|Subject: ABC: Mystery surrounds Reinado,
Also Emotions run high at Alfredo Reinado's funeral
ABC Radio Australia - 15/02/2008
ETIMOR: Mystery surrounds Reinado, Ramos-Horta relationship
Authorities in East Timor are discouraging people from speculating about how and why the attacks happened. However, it does appear that a conflict between long time friends Jose Ramos-Horta and the rebel fugitive Alfredo Reinado was emerging in the lead up to the attacks.
Presenter - Stephanie March Speaker - Joaquim Fonseca, advisor to Prime Minister; "Jose", petitioning soldier.
Reinado had been engaged in peaceful talks with both East Timor's President and Prime Minister as recently as December 2007, and last met with government officials on February 6th.
Joaquim Fornseka is the Prime Mininsters's civil society advisor and was in charge of the Task Force set up to resolve Reinado and the petitioning solders problems.
FORNSEKA: For two years, no body actually cared about the petitioners but no real effort was made to resolve their problems. In that situation of desperation, if you like, Alfredo came up as their hero.
Around 600 of the country's Military left their barracks in 2006 saying they were victims of discrimination.
Set up by the government, the Task Force has been mediating discussions between the petitioners and the commanders of the FFDTL.
Mr Fornseka says they had come a long way in getting the FFDTL to agree to allow the petitioning soldiers to re apply in order to be reinstated to the army.
But it seems that Reinado wanted more.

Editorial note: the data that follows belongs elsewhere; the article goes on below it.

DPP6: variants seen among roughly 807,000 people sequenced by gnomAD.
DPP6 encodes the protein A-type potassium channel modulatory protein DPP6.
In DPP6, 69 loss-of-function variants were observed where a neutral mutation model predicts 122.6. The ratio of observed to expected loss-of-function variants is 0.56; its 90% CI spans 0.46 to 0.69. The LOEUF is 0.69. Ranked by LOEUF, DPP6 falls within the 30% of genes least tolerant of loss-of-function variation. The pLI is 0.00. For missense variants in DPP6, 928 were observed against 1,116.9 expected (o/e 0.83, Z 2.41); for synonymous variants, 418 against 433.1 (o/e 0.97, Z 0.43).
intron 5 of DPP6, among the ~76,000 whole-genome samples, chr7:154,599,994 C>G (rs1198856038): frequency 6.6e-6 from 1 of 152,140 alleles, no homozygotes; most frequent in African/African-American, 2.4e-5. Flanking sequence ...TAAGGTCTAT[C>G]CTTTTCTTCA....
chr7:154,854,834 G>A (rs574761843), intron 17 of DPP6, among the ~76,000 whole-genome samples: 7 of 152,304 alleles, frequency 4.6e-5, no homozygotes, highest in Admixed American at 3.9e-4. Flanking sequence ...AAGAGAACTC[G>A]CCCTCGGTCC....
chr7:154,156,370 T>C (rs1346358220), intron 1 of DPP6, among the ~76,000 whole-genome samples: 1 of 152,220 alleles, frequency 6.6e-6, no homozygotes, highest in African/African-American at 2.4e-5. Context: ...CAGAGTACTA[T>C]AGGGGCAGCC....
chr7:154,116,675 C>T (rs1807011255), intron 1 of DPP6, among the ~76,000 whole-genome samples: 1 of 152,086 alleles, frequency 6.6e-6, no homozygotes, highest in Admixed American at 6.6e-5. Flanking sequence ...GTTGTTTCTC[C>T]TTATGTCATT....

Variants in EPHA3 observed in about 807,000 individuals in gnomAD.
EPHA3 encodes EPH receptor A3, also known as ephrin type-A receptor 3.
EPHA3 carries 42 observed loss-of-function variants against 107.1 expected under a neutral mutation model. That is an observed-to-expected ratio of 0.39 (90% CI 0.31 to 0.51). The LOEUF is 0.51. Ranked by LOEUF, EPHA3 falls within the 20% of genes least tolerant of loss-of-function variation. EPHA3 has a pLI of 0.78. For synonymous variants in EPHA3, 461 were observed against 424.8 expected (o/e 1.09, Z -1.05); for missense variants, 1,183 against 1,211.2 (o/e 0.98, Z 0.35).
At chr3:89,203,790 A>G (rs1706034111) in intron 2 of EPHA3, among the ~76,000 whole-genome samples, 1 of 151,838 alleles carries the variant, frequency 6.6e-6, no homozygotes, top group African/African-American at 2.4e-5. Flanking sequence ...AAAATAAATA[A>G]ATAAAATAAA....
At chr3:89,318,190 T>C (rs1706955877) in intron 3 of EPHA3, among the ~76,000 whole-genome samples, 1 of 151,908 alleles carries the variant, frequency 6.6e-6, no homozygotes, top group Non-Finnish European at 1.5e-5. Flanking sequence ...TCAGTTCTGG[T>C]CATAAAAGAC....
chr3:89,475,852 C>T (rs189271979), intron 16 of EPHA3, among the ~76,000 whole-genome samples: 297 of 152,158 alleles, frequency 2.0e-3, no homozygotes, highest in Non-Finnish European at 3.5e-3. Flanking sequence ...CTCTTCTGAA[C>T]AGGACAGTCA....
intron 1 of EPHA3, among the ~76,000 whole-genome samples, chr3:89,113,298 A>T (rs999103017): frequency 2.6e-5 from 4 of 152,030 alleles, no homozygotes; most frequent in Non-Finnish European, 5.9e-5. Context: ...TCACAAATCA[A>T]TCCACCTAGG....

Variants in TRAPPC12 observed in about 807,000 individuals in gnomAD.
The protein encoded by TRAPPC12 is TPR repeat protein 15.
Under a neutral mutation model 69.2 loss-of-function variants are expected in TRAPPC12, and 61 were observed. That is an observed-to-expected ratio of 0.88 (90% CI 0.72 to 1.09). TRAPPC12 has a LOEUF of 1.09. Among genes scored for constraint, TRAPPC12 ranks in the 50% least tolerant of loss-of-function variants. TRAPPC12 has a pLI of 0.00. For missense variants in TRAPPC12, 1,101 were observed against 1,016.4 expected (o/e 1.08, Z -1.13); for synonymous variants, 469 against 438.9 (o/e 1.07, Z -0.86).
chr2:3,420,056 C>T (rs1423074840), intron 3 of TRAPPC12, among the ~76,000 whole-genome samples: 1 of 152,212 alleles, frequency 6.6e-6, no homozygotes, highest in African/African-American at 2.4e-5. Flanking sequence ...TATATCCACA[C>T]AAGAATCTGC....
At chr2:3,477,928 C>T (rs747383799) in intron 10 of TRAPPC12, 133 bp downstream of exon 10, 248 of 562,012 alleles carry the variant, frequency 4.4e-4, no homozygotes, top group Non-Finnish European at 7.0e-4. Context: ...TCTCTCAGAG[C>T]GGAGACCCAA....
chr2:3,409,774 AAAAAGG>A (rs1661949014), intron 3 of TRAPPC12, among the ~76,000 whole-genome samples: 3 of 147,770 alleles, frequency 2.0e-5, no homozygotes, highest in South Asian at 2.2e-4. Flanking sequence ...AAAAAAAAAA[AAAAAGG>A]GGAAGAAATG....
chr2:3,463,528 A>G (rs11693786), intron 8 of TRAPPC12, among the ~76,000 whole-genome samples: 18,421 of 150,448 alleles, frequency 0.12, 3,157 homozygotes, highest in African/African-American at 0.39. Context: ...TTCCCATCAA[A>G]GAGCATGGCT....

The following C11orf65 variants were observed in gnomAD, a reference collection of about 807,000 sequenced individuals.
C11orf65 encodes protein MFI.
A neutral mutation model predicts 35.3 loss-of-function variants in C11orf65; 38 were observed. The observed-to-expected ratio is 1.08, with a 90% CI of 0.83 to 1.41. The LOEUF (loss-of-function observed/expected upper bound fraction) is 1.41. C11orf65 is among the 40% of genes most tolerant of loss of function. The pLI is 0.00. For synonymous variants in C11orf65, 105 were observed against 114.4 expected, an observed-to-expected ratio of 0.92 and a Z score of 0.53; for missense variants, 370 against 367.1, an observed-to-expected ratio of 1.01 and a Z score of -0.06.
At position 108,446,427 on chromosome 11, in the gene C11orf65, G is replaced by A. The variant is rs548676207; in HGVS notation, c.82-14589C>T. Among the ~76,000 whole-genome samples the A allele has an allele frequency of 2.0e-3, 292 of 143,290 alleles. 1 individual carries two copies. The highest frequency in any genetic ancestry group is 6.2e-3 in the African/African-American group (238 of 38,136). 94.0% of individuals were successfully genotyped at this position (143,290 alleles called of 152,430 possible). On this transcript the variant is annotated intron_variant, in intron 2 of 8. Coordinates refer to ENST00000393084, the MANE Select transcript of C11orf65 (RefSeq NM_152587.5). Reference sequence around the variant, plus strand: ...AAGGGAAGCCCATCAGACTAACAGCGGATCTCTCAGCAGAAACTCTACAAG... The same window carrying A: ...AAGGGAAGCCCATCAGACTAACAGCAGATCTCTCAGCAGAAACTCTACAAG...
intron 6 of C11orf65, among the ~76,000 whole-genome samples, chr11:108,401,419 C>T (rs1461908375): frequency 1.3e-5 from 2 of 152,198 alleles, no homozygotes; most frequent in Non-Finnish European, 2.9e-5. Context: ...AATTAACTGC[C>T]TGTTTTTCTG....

Mr Fornseka said it's possible, that in the lead up to the attacks Reinado was becoming unhappy with the President and way the dialogue was heading.
FORNSEKA: The president - I don't blame the President - but there were some concessions that could not be delivered - and I think he felt betrayed in a way.
He believes when the President and AR last met in the mountain town of Maubisse in December, the President promised AR he and his followers would be allowed to be reinstated into the army without having to go through a re-application process.
FORNSEKA: In Maubisse we understand the President said to Reinado that there shouldn't be any application they should all just be re-enacted as soldiers and officers of FDTL and that a screening process should be carried out for both those who have left the army for sometimes and for those who remained in the barracks. And that obviously - that's a new demand - and its quite difficult for the command of FDTL to accommodate. So obviously it cannot be delivered.
Joaquim Forneska also said that recent moves by the government to entice Alfredo's supporters to join in dialogue without their leader, may have angered him.
FORNSEKA: It could have upset him more. It could have upset him more because it is not necessarily the number of people around him that he cares about. It's about the fact that the myth that he tried to create is broken, and it proved untrue.
The myth he talks about is Reinado's ability to solve the petitioners problem.
According to Joquim Fornseka, Rienado had nothing to do with the petitioning soldiers in the first place, but was using them as a bargaining tool for his own situation.
But one of those petitioning soldiers, who wants only to be known by the name Jose, is a strong supporter of Reinado.
JOSE: Since the attack on Monday, I've been very sad and I feel very sorry for one of our best commanders who died in the attack.
He says unlike the 90 or so petitioners who have begun separate dialogue with the government, he and his 500 comrades will continue to fight for justice against discrimination in the military under the command of Gastao Salshina, the former lieutenant who is suspected of leading the attack against XG's convoy.
JOSE: The difference is our group that now I belong to led by Salshina is a group of real petitioners who want to find a solution to the issue of discrimination.
But Joaquim Forneseka believes many of Reinado's so-called supporters felt threatened by him, and now the rebel leader is gone they will be more inclined to join the group of petitioners engaging in dialogue.